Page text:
Is it my thick glasses, the way I walk with my friends, the clothes I wear or even the color of my socks that makes me different? Are these trivial things really the measuring tool people use to gauge one’s normalcy? If you think about it, it’s depressingly idiotic and at the same time typical. Normal? Do we even have the right to classify what is normal from what is not? The line between the two ideas is marginal yet people are bent on exaggerating.
Our society has become polarized, divided into those; who conform and accepted to societal norms and those who deviate and not accepted by it. The gap between the two sides constantly increases, fuelled by prejudice, bigotry and hypocrisy. Breeding hatred and insecurities on both sides, producing pain no medication can alleviate. To be labelled outside the norms of society can be taxing emotionally and in time physically. Being different from the scrutinizing eyes of the environment is hard, judged with every move you make, stereotyped because of race, economical status, sexual orientation and every superficial thing you can think of, is degrading and appalling.
A person however he is branded by society is still a person. Do we condemn him by being who he truly is? Should he be discriminated by factors he does not have control over? These people, who judge are so high with hypocrisy that they do not see that they are bashing on human nature, a thing that is innately present in all of us. Judging a person for who he is; is like judging a person for having a nose. Some will argue that criticizing is also human nature. It cannot be helped. And that argument is moronic in so many levels, and like a pile of manure it is only good as it smells. We have the choice to not judge and accept what we think is different and move on to life. But in many cases people tend to destroy what they cannot tame. Often times they do isolate what they do not comprehend, because of the fear that it might shatter their status quo.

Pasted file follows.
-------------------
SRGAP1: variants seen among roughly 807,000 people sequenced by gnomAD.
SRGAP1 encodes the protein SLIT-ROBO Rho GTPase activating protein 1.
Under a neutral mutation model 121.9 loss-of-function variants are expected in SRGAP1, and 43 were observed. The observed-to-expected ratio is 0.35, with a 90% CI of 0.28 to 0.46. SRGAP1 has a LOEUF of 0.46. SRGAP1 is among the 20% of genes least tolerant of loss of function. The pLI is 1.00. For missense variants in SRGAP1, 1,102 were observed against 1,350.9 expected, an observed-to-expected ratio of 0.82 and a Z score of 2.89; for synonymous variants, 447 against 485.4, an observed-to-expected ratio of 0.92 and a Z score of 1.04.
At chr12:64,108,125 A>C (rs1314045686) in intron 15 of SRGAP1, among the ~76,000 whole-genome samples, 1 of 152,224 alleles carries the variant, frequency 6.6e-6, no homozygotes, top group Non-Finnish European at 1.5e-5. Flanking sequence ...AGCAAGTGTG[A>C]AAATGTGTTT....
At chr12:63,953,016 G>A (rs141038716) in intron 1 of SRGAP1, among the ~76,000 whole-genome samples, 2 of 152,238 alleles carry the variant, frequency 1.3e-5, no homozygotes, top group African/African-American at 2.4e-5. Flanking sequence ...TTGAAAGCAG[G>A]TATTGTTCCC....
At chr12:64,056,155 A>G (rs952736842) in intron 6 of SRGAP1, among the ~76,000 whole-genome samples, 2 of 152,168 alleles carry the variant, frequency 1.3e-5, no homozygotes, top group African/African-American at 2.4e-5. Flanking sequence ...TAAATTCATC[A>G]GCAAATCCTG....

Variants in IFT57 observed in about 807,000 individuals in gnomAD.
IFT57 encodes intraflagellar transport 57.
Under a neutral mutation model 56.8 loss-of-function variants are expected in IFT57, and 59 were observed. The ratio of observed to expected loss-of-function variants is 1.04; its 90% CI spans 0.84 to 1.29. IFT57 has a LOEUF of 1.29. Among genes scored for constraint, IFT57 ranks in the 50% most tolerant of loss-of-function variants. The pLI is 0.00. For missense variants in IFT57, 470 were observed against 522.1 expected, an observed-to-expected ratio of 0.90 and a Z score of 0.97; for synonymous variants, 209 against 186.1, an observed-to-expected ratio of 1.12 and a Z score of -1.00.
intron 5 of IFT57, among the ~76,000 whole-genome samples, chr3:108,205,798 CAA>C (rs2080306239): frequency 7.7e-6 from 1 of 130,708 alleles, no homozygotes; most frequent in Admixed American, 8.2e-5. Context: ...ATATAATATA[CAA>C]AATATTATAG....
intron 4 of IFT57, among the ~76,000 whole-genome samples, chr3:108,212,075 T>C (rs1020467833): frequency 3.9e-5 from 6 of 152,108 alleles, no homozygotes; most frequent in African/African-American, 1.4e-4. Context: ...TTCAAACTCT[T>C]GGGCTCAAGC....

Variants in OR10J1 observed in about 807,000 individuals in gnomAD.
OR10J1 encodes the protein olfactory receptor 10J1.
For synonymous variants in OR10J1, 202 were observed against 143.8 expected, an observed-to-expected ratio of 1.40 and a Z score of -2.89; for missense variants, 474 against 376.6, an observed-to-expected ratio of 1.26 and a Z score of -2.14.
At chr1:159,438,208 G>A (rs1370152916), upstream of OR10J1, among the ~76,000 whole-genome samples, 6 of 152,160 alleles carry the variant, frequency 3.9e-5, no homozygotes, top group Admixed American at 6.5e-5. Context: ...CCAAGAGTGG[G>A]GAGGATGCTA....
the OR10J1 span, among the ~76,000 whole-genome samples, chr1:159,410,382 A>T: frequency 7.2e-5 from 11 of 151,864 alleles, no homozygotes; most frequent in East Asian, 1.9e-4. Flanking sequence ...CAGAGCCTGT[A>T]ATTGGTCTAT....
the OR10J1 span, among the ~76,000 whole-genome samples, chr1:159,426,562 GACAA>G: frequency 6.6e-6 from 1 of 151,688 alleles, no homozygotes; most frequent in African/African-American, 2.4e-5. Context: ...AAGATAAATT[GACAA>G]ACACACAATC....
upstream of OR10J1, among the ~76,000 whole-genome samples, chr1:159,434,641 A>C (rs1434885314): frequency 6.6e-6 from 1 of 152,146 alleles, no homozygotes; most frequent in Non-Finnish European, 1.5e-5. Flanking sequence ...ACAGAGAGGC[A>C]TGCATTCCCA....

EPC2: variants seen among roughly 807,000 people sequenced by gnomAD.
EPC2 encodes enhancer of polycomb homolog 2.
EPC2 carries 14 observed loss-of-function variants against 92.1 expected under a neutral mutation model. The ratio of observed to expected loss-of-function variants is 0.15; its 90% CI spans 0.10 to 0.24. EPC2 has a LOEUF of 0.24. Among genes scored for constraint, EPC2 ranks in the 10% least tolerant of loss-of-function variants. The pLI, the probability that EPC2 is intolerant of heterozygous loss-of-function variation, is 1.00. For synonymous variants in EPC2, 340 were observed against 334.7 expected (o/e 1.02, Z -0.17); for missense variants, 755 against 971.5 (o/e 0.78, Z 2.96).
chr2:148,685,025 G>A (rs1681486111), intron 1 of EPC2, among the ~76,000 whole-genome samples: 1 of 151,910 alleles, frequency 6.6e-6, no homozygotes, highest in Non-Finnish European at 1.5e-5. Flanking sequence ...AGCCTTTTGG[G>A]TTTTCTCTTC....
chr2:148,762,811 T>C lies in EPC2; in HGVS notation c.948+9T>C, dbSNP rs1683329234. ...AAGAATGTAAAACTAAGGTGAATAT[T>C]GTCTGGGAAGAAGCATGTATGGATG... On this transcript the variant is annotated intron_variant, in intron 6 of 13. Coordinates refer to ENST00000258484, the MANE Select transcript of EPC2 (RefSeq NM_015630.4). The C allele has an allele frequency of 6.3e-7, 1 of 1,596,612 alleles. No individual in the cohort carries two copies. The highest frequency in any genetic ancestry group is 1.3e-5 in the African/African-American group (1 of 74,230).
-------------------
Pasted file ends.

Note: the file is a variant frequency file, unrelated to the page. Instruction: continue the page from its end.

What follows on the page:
Their status on society based on what they can buy and shallow mindedness only engrave the line much deeper between the two ideas, separating one with much condescension to the other. For some the fear of being labelled different, gives reason to hate themselves and be someone afar from who they really are. Becoming a shell of who they are once were, an empty vessel bounded by false contentment the society is offering.
But to those who are disenchanted by the sugar-coated reality of presumed normalcy, to be different is not a qualification for social persecution. What gives us the right to tell what should be the norm and what is to be unacceptable? My professor told me once that moral is progressively developing, what is socially inept on the past might be normal now or in the future. This idea gives hope that someday there would be a just society, impartial to all and where different would be just a word not to judge with. But until then we should not let our variation be a hindrance to show who we truly are. A line in a movie emphasizes this thought “Mutant, and proud”. That simple line may be exaggerated for this situation, but is totally appropriate. Our differences and distinction will only be empowering for us if we accept it. To be part of the change this world needs, let us not cower in fear of being diverse but to take pride on it. DIFFERENT AND PROUD!